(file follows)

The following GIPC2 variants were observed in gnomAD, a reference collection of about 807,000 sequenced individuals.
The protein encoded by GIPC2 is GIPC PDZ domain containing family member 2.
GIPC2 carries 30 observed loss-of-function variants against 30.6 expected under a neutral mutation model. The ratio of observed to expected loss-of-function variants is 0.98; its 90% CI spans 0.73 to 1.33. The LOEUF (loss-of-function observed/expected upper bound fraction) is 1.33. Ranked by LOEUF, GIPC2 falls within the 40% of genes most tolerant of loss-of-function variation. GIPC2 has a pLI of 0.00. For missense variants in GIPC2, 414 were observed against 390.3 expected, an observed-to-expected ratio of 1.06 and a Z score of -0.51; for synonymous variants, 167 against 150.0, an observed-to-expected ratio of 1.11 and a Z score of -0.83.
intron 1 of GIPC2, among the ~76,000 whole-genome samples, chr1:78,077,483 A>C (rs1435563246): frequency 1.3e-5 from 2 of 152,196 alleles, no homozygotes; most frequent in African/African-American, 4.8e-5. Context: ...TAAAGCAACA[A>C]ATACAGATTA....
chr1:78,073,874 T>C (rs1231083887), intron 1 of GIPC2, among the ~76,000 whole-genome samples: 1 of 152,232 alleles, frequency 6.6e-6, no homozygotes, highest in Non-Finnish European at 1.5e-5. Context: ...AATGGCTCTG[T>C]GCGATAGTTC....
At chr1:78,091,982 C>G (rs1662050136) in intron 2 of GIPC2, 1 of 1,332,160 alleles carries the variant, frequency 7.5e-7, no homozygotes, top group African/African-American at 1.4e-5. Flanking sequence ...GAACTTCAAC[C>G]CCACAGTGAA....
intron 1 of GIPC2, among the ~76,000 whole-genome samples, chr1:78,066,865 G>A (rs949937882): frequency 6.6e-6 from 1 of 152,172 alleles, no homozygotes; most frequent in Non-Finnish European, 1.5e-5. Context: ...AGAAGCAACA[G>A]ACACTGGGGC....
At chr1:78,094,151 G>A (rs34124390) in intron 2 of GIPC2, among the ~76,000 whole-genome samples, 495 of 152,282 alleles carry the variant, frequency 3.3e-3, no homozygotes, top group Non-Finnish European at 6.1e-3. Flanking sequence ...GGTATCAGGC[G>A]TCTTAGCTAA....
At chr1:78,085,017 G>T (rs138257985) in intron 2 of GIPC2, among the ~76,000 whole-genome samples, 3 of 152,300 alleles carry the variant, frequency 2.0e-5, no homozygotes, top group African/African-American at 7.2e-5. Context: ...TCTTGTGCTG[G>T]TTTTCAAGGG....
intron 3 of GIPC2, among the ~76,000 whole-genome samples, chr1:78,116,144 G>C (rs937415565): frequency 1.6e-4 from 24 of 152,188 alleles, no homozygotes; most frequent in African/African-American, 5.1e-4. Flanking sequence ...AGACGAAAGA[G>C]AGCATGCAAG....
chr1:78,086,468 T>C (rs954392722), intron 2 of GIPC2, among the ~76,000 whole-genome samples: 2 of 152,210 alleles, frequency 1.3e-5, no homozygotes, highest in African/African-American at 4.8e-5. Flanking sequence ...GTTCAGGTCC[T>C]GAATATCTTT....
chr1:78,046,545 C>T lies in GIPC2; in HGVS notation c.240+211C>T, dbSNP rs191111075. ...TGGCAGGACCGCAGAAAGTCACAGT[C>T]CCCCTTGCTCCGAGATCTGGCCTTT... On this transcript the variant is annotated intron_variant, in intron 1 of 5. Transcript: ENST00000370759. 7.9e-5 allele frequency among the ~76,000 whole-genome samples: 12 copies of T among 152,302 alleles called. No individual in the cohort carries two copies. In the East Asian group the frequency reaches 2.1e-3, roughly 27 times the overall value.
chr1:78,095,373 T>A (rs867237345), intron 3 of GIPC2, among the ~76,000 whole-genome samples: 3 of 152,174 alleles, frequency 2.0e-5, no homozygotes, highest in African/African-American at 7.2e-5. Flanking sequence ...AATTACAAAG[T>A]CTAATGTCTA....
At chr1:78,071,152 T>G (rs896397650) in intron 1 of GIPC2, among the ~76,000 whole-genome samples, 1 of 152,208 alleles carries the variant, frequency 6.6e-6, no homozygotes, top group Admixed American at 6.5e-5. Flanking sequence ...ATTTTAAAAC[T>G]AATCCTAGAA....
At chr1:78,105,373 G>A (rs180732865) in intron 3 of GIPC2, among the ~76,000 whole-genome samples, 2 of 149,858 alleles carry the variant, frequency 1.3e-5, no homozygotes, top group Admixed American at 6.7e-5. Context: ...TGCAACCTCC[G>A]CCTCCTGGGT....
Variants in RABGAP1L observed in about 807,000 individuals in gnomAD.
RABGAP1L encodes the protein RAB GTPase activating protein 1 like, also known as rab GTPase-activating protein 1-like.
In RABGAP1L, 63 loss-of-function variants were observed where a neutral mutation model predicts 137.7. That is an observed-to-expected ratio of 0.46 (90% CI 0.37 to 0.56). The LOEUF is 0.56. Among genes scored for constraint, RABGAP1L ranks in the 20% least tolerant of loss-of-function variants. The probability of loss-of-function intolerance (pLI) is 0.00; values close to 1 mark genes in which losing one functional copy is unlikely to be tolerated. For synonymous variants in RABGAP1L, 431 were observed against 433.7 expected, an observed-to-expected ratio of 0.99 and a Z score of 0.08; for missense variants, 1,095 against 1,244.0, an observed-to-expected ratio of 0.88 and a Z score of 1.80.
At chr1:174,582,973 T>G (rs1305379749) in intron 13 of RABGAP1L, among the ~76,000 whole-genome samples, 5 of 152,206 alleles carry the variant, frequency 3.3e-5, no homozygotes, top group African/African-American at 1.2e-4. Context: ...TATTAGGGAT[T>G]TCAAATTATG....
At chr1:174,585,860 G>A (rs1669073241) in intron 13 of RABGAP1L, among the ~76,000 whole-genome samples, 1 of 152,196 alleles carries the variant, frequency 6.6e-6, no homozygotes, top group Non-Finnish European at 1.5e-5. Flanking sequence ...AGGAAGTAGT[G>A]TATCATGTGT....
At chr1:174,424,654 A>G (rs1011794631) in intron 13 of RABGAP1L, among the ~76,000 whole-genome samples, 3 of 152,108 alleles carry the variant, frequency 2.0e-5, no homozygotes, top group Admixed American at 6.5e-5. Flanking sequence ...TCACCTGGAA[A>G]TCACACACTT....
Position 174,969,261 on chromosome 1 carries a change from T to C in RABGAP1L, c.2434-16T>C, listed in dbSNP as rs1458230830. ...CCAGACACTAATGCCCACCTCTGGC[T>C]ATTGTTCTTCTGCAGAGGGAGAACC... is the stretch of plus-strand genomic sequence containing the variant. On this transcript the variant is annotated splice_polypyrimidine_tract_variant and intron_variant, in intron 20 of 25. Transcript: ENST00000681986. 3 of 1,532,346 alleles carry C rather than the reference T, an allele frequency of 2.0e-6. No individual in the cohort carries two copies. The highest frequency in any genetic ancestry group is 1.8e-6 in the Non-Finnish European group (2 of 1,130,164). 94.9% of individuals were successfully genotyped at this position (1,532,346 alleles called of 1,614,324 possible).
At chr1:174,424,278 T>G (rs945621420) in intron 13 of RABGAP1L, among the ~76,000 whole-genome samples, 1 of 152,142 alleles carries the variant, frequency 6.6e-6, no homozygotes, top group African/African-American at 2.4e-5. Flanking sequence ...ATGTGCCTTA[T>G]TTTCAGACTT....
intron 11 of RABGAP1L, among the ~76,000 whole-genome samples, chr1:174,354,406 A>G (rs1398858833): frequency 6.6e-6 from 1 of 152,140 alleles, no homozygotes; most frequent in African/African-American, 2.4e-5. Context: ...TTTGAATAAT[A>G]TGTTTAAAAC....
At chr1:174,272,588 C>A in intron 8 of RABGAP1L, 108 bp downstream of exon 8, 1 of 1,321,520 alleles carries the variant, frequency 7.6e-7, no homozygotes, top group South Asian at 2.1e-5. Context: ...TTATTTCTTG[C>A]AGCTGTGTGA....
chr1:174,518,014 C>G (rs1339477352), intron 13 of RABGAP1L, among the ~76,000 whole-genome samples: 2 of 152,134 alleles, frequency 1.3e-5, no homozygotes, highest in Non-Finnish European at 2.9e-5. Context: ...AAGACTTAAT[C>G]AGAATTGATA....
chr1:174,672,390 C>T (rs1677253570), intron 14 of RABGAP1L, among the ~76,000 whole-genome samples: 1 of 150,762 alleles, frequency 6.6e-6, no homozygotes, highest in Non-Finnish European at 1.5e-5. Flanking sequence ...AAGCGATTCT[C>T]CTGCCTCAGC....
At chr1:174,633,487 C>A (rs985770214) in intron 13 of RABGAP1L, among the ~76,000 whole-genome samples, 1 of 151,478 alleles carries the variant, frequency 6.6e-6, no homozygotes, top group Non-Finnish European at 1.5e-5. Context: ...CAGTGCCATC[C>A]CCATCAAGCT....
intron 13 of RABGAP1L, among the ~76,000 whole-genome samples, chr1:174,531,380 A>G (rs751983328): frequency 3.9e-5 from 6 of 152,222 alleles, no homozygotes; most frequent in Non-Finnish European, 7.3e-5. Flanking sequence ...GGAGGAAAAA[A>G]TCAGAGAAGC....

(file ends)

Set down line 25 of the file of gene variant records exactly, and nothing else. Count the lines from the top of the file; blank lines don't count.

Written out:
At chr1:174,272,588 C>A in intron 8 of RABGAP1L, 108 bp downstream of exon 8, 1 of 1,321,520 alleles carries the variant, frequency 7.6e-7, no homozygotes, top group South Asian at 2.1e-5. Context: ...TTATTTCTTG[C>A]AGCTGTGTGA....